Dutch conceptual artist Diddo has sculpted a skull out of street cocaine in a new project exploring human behaviour.
With commissions from Kanye West, Lady Gaga and Sacha Baron Cohen, the 36-year-old artist is now attempting to break new ground in the art world.
"Ecce Animal" is intended to provoke the viewer's thoughts about the nature of man, without glamorising drug addiction or warning against it.
Diddo had the powder tested in a laboratory to determine its 15 to 20 per cent purity. He chose to use the drug mainly because it complements his artistic message.
“I don’t feel obliged to educate people on the potential dangers of drugs,” he says. “In ‘Ecce Animal’, the cocaine is used in combination with a symbol of mortality and, therefore, quite directly relates to danger.”
"Ecce Animal" may look simple, but Diddo’s creation was inspired by human complexity.
“To me, human behaviour is enigmatic and ever-changing,” he says. “We cannot live together and we cannot live apart. ‘Ecce Animal’ attempts to crystallise the true ‘human’ energy generated by this collision.”
Skulls have inspired artists for centuries from Mexican artisans to Damien Hirst:
From Yorick’s skull in Hamlet to Van Gogh’s "Skull with a Burning Cigarette" and Damien Hirst’s diamond-encrusted "For the Love of God", skulls have been a popular motif for centuries.
But Diddo says his skull is not consciously based on previous representations. It is how we manage to live with the reality of death at the back of our minds that really fascinates Diddo. “I start with an idea, not an image,” he says. “In this case, my idea revolved around the tension between our ‘human’ side and our ‘animal’ side.”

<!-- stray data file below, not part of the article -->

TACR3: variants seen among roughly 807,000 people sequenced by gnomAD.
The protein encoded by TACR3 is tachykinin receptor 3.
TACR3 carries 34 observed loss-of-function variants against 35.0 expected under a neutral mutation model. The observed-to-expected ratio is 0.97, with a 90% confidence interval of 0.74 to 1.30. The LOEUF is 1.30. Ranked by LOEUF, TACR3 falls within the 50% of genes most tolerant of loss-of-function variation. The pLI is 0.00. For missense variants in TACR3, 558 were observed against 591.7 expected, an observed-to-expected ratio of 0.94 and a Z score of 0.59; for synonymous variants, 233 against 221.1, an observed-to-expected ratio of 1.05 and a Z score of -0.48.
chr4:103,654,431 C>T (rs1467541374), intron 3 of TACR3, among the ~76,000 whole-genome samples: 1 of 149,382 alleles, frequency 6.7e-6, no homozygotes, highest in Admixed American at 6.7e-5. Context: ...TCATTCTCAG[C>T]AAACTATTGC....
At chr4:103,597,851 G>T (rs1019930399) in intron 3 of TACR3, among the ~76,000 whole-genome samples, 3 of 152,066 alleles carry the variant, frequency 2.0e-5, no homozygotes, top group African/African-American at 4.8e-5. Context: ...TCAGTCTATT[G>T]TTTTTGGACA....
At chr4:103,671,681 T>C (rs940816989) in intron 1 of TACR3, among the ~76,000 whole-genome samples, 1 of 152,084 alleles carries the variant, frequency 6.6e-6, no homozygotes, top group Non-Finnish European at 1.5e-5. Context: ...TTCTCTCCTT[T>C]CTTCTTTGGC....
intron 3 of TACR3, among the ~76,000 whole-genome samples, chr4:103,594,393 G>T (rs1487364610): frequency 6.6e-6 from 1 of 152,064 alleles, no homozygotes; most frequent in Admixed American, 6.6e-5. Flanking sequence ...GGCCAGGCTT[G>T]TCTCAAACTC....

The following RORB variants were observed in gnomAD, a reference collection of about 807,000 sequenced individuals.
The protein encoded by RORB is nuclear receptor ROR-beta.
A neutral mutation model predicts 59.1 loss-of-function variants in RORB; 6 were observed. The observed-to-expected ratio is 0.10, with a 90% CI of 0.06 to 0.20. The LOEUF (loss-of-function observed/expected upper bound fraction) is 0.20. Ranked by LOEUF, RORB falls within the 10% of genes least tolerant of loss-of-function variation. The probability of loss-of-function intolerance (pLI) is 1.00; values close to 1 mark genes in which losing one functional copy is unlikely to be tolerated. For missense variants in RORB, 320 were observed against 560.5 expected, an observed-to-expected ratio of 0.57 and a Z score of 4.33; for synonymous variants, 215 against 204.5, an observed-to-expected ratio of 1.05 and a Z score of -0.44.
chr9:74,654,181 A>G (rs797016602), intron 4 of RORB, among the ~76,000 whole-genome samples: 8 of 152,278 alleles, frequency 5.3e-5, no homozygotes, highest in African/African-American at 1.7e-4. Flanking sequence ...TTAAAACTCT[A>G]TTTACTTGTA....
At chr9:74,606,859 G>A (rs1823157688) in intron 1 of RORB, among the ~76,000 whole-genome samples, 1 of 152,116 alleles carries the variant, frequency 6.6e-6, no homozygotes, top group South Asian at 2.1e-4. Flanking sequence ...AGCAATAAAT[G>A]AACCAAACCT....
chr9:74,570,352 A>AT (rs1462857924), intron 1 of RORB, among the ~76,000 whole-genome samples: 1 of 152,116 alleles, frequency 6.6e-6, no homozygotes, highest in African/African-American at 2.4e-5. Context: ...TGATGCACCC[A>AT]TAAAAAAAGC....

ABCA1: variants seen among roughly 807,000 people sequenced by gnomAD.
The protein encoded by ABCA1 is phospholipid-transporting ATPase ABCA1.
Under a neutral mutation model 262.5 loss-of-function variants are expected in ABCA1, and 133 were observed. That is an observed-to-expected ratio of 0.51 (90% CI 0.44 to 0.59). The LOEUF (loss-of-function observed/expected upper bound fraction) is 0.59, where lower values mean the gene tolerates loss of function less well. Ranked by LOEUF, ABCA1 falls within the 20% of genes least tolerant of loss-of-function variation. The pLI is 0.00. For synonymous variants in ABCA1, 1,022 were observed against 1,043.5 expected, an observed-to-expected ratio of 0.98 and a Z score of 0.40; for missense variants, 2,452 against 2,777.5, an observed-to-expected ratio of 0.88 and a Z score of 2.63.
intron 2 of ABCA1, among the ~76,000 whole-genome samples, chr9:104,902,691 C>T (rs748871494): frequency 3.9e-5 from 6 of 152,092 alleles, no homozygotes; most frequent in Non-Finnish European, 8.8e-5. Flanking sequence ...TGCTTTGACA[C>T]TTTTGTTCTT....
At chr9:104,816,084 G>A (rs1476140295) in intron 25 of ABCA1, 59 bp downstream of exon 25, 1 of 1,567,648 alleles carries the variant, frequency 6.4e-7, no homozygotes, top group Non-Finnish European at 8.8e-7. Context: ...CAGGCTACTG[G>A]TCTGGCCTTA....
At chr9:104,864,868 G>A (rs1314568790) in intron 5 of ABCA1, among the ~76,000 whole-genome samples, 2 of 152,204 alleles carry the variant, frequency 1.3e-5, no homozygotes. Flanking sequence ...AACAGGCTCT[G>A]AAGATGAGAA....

Unlike many of his contemporaries, Diddo does not follow any particular artist or movement. He is inspired most by personal crises, rather than big political issues.
“It’s where human behaviour comes to the surface in the most interesting ways,” he says. “I find it truly fascinating to examine the space between what we choose to think for ourselves, and what we allow others to think for us.”
Diddo writes short interpretative poems to accompany his artworks – a move that is personal to him as an artist and an important means of communication with his viewers.
“What I hope to accomplish with an artist statement is to provide people a bit of focus and define an ‘arena for thought’,” he says. “The object itself is never the whole ‘piece’.”
Diddo is never short of a project to turn his hand to, nor a theme through which to explore his ideas. His next source of inspiration? Power intoxication. “Excessive appetite for power poisons the personality and, again, it highlights the imbalance between our inner animal and society,” he says.
“Each of my pieces is a ‘thinking process in progress’. My central message is simple: “question everything” and “think for yourself ”.
Diddo's accompanying poem:
Once we were animals.
Like any other, we lived in an environment of fear and want.
Then, we became 'human' and aspired to be better.
We learned to control our environment but the fear stayed,
because we never learned to control ourselves.
It is frightening to look at the face of our animal side laid bare
by comfortable excess; the spoils of its aggression.
But what exactly is it about this image that is so confronting?
Is it this division in our idea of self?
Or is it a realization that though we have mastered the outside world,
we will always remain subservient to our inner selves.
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